Economy of Odisha
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Odisha was once the poorest states of India, but as of now it is 7th poorest (2009–10) due to very high growth rate for the last decade. poverty reduced by a phenomenal 21% in the past 5 years according to the planning commission of India . The proportion of population living below $1 (PPP, around $0.25 in nominal terms(2004–05)) a day was 43%, more than in countries such as Malawi.
This is a chart of trend of gross state domestic product of Odisha at market prices estimated by Ministry of Statistics and Programme Implementation with figures in millions of Indian Rupees.
|Year||Gross State Domestic Product|
Odisha's gross state domestic product for 2004 is estimated at $18 billion in current prices.
Following India's independence, Odisha had not been a focus of investment by the central government, causing its infrastructure and educational standards to lag behind the rest of the nation. For instance, only about 20% of the road network was paved. In rural areas over 65% of the population have no access to safe drinking water. This has led to a widespread misbelief among the local population that Odisha is a neglected state. But, in the current year the per capita investment in the state is the highest in the country and it is the focus of investment from foreign investors.
Odisha has abundant natural resources and a large coastline. It contains a fifth of India's coal, a quarter of its iron ore, a third of its bauxite reserves and most of the chromite. Rourkela Steel Plant was the first integrated steel plant in the Public Sector in India. It receives unprecedented investments in steel, aluminium, power, refineries and ports. India's topmost IT consulting firms, including Satyam Computer Services, TCS (Tata Consultancy Services), MindTree Consulting, PricewaterhouseCoopers and Infosys have large branches in Odisha. IBM, Syntel, Cognizant, Bosch and Wipro are setting up development centers in Odisha. So far, two of the S&P CNX 500 conglomerates have corporate offices in Odisha, for example, National Aluminium (2005 gross income Rs.51,162 million) and Tata Sponge Iron (2005 gross income Rs.2,044 million).
Odisha is notable as one of the first Indian states to have tackled its structural problems during the post-1994 Indian economic reforms. Odisha was the first state in India to begin to privatise its electricity transmission and distribution businesses. Over the period between 1994 and 2000 Odisha's former state electricity board (SEB) was restructured to form Gridco. This corporation was then divided into Transco and a collection of distribution companies. Attempts were then made to sell the distribution companies to the private sector. Like many other states, in 1996 Odisha was losing over 50% of the electricity it was delivered. The scale and importance of these reforms is notable and an important milestone in India's dramatic economic development.
Recently the number of companies who have signed Memorandum of Understanding (MoUs) to set up steel plants in the state has gone up to 50, including Posco of South Korea which has agreed to construct a mammoth $12 billion steel plant near Paradip port. It would be the largest single investment in India's history. Arcelor-Mittal has also announced plans to invest in another mega steel project amounting to $10 billion. Russian major Magnitogorsk Iron and Steel Company (MMK) plans to set up a 10 MT steel plant in Odisha too. The state is attracting an unprecedented amount of investment in aluminum, coal-based power plants, petrochemicals, and information technology as well. In power generation, Reliance Industries (Anil Ambani Group) is putting up the world's largest power plant with an investment of US $13 billion at Hirma in Jharsuguda district. Vedanta Resources’ 1.4 million tonne alumina project in Kalahandi district is the largest investment in aluminium. Vedanta has also announced a $3.2 billion huge private University project on the lines of the Ivy League Universities, which is unprecedented in the history of education in India.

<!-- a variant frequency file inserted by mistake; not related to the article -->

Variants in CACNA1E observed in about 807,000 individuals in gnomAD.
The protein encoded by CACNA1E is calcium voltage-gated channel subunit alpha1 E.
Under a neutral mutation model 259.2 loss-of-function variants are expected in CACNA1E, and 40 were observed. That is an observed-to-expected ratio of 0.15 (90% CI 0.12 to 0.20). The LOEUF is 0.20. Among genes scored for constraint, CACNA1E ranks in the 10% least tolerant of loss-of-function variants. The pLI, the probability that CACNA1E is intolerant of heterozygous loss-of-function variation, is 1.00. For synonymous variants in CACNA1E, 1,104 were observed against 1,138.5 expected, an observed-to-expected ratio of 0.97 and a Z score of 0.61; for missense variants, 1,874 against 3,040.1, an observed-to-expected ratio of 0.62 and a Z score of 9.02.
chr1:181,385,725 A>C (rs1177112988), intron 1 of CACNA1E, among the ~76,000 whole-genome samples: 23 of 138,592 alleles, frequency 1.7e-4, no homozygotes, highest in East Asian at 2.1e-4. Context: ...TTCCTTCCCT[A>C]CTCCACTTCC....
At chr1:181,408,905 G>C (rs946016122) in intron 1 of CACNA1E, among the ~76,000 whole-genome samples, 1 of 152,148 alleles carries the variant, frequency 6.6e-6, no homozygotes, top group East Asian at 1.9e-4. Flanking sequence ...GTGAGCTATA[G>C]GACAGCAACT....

The Central Government has agreed to accord SEZ (Special Economic Zone) status to eight sites in Odisha, among which are Infocity at Bhubaneswar and Paradip. But all these plans are facing massive resistance from the people of the state who mainly depend on agriculture for livelihood. Some vested interests are pushing ahead projects of Mittal, Tata, Vedanta, Birlas causing many human rights violations. Flood and cyclone are the major hurdle in Odisha's development as the important districts are situated nearer to the Bay of Bengal.
Although Paradip is Odisha's only large port, the coastal towns of Dhamra and Gopalpur are being developed into major ports as well. The government of India has selected the coastal region of Odisha, stretching from Paradip in the north to Gopalpur in the south, to be developed as one of the five or six Special Economic Regions (SERs) of the country. The government of India and the state government of Odisha would work together to erect world class infrastructure in this region along the lines of the Rotterdam, Houston, and Pudong regions. This would stimulate further private investment in petrochemicals, steel, and manufacturing. A recent Morgan Stanley report forecasts that Odisha would be flooded with massive investments for manufacturing related activities in the same manner that Bangalore had attracted software investment in the 1990s. The scale of the investments in Odisha would, however be much higher. As of July 2006, the total planned investment in the state is a whopping $90 billion. This includes some investment in research, education, hospitals, roads, ports, airports, and hotels. There are many multi-state irrigation projects in development, including Godavari River Basin Irrigation Projects.